Geopolitics

Male Infertility: The West's Hidden Pandemic

Across the Western world, the number of men unable to have children without medical intervention is growing. Health specialists are raising the alarm and scientists are struggling to find the cause, while politicians are ignoring the issue.

Male infertility is rising at an alarming rate and research in the Western world
Benedikt Schwan

BERLIN — For many people, having a child signifies the hope, or perhaps even the certainty, that life will continue even after they are dead. Many men find it difficult to come to terms with discovering that they are infertile, it can make them feel they've lost a part of their future. In Germany, hundreds of thousands of men are affected.

Male infertility is both a hidden and a modern pandemic. In many countries across the Western world, the concentration of sperm cells is decreasing, a phenomenon that has resulted in a declining birth rate and increased demand for fertility treatment. But little is known about the causes of this change — and there is not enough research being done in the area. Politicians have also not been paying attention to this growing problem.

Men's sperm count in Western countries has dropped by 52%.

When a couple is having trouble conceiving, doctors traditionally assume the issue lies with the woman. Fertility clinics are almost exclusively geared toward women, who are prescribed hormones and subjected to invasive procedures, taking on the lion's share of the treatment. For many men, all they have to do is provide sperm and, if that doesn't work, a sperm donor can be found.

However, it has been clear for some years now that the problem often actually lies with the man's fertility —or lack of. In 2017, Israeli epidemiologist Hagai Levine gave the world of fertility a big wake-up call. Levine and his team brought together numerous studies carried out since the 1970s, which collected data on sperm count and health through so-called spermiograms: 185 studies with 244 evaluations of the concentration and total number of sperm cells provided enough good data for the team to carry out a valid statistical analysis. The results were shocking: Over the last four and a half decades, men's sperm count in Western countries has dropped by 52%.

Problems sometimes begin in the womb

The search for the cause of this dramatic drop is complicated. Levine speculates that for a long time now people in the West have been exposed to the chemical revolution: pesticides, plastics and other potentially harmful substances are everywhere.

Sometimes problems begin in the womb, where the organs responsible for producing semen fail to develop properly. This has far-reaching consequences, not only in terms of fertility. Levine refers to studies that have shown infertile men are more likely to get cancer. But little is known about any direct connection between the two. Levine advises all those affected to have regular check-ups.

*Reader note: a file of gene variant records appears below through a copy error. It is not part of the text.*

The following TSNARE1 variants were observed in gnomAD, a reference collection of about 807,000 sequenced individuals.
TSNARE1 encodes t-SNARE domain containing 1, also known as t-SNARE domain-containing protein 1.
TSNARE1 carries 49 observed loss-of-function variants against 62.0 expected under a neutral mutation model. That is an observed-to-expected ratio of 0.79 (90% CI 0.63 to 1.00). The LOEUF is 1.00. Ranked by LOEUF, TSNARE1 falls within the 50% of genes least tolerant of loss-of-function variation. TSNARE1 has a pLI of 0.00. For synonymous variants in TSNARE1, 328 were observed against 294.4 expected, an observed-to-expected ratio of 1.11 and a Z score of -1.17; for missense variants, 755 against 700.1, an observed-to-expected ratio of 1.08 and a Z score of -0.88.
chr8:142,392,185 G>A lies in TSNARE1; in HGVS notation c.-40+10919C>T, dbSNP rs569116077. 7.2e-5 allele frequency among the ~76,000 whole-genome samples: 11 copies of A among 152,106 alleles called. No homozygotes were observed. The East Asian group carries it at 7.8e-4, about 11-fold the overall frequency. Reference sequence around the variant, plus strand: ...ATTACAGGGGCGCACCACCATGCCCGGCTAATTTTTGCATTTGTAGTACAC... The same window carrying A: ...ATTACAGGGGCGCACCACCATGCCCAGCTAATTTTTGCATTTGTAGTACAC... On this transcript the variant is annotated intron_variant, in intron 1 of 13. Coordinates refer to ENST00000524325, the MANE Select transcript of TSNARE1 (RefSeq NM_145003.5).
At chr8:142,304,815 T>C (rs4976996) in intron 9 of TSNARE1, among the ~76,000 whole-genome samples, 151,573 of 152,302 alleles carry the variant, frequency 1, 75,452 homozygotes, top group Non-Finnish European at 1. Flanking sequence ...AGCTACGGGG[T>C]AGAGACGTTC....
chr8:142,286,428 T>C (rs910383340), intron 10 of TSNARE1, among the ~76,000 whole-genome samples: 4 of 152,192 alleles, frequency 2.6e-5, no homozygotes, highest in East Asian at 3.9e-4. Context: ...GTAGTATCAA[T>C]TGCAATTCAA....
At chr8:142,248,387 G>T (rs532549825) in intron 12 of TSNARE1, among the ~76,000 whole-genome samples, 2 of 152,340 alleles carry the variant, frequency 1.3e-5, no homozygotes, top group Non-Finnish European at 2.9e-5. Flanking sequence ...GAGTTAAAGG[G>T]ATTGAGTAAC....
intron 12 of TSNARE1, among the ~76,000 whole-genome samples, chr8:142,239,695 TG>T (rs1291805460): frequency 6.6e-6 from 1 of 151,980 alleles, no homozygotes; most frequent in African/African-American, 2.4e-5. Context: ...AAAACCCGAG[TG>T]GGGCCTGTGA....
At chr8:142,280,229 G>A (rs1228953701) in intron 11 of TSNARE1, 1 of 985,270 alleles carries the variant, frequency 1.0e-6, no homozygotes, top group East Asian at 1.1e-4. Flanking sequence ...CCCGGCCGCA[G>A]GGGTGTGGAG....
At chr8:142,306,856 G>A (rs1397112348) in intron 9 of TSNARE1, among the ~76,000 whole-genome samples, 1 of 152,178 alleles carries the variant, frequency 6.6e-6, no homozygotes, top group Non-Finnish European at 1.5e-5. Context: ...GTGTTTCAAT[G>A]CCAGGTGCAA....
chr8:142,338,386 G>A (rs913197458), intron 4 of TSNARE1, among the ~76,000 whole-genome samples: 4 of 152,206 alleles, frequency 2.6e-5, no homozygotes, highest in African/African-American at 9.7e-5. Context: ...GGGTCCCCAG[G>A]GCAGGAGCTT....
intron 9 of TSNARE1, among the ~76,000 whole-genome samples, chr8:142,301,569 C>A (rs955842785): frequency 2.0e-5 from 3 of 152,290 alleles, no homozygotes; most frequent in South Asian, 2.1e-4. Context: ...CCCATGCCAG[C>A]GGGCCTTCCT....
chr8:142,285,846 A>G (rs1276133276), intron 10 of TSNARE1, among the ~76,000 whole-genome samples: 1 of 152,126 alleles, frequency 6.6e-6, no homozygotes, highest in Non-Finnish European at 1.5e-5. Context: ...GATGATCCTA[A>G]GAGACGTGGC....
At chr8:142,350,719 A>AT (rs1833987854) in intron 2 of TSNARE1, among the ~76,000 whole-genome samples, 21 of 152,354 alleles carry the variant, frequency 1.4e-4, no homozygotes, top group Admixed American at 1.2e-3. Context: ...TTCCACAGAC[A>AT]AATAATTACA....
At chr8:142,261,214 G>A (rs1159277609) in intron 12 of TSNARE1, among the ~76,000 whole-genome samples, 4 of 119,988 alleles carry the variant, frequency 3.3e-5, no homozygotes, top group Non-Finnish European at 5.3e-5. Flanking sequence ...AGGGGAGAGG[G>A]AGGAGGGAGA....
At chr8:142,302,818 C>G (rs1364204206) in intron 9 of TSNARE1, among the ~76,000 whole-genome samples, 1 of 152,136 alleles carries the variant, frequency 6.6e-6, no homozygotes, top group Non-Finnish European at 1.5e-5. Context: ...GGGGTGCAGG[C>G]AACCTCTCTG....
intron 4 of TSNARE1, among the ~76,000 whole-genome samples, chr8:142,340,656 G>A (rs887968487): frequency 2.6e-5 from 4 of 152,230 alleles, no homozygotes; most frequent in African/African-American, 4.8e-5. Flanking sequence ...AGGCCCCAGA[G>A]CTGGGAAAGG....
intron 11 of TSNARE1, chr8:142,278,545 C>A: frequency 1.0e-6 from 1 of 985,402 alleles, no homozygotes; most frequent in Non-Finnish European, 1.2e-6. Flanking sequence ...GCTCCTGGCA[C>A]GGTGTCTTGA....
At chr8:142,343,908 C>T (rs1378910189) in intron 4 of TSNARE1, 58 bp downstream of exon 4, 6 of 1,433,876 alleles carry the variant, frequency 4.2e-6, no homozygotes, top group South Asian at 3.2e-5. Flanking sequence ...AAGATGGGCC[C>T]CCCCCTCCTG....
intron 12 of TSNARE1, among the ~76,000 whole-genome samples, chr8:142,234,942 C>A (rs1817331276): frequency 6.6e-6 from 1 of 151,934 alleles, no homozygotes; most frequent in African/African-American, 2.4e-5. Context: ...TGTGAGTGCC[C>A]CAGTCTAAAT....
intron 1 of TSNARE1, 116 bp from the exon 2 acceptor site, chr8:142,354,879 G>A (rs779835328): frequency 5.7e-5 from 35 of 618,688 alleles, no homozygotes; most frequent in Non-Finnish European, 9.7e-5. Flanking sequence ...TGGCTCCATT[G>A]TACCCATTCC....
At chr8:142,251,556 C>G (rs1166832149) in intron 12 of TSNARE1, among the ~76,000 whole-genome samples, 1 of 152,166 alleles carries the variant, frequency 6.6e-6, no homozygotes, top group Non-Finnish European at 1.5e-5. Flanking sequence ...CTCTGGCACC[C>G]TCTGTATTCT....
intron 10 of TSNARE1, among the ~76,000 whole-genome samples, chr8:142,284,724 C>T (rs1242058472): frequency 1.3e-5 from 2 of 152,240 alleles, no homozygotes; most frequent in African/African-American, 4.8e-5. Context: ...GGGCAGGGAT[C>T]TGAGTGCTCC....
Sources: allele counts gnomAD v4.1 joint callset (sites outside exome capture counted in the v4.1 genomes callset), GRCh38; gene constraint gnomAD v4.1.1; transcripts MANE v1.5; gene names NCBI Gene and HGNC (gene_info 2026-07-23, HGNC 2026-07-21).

A recent study by Italian researchers has suggested that worldwide around 7% of men of reproductive age are infertile. In over half of cases where a couple is experiencing difficulties conceiving, the problem now lies at least partially with the man. According to experts, this is only the tip of the iceberg, as there has not been enough data collected about the issue.

Across the Western world, the concentration of sperm cells is decreasing — Photo: Bobjgalindo

In Germany, there are still no reliable statistics about how widespread male infertility is, as men don't go for regular check-ups. There are no systematic examinations of boys as they enter puberty. A simple spermiogram could show how many men are producing too few or no sperm cells. But since military service was abolished, and men no longer have to undergo medical examinations as standard, it's rarer for doctors to identify abnormalities in men's sex organs or other physiological problems.

Frustratingly, many of those affected could be helped, if the reduced fertility that often accompanies certain diseases was discovered and treated earlier.

The cause is often never identified

There is one widespread form of male infertility that is the subject of research in Germany: azoospermia. This is when there is no sperm present in an ejaculation, meaning that affected men cannot fertilize an egg. In many cases, the cause is never identified. It may be hereditary, or have physiological causes.

Frank Tüttelmann, a reproductive geneticist at the University of Münster, has carried out a wide-ranging study in the area, seeking to identify genes that could be responsible for male infertility. Tüttelmann says it's a relief for men if they find out the possible cause.

Men can be very affected when they discover that they have reduced fertility. "Many say that they don't feel like real men if they can't have children," says fertility therapist Petra Thorn. She often hears them say things like, "I'm worried that other people will question my masculinity and my sexual potency."

Thorn is one of very few specialists in male infertility. She has a practice in Frankfurt and says men often find it difficult to come to terms with their infertility.